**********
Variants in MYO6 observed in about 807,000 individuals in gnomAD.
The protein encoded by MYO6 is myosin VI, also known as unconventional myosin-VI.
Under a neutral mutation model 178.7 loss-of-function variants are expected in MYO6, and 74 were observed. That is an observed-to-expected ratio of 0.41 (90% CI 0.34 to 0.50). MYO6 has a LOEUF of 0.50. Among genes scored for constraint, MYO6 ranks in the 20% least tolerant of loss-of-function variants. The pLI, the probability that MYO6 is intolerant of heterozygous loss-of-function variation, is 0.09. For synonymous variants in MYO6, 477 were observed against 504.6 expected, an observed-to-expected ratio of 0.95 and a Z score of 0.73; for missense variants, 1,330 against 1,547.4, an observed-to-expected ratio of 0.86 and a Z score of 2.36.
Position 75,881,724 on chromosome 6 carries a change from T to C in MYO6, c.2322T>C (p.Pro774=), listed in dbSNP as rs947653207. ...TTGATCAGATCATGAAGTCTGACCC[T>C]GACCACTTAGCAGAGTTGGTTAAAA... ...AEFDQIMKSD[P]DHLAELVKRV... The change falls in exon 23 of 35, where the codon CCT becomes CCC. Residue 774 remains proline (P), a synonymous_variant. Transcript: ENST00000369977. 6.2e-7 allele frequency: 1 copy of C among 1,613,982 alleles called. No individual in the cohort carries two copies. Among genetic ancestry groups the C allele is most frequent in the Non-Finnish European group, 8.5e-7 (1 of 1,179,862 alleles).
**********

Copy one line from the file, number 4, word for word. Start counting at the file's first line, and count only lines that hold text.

Position 75,881,724 on chromosome 6 carries a change from T to C in MYO6, c.2322T>C (p.Pro774=), listed in dbSNP as rs947653207. ...TTGATCAGATCATGAAGTCTGACCC[T>C]GACCACTTAGCAGAGTTGGTTAAAA... ...AEFDQIMKSD[P]DHLAELVKRV... The change falls in exon 23 of 35, where the codon CCT becomes CCC. Residue 774 remains proline (P), a synonymous_variant. Transcript: ENST00000369977. 6.2e-7 allele frequency: 1 copy of C among 1,613,982 alleles called. No individual in the cohort carries two copies. Among genetic ancestry groups the C allele is most frequent in the Non-Finnish European group, 8.5e-7 (1 of 1,179,862 alleles).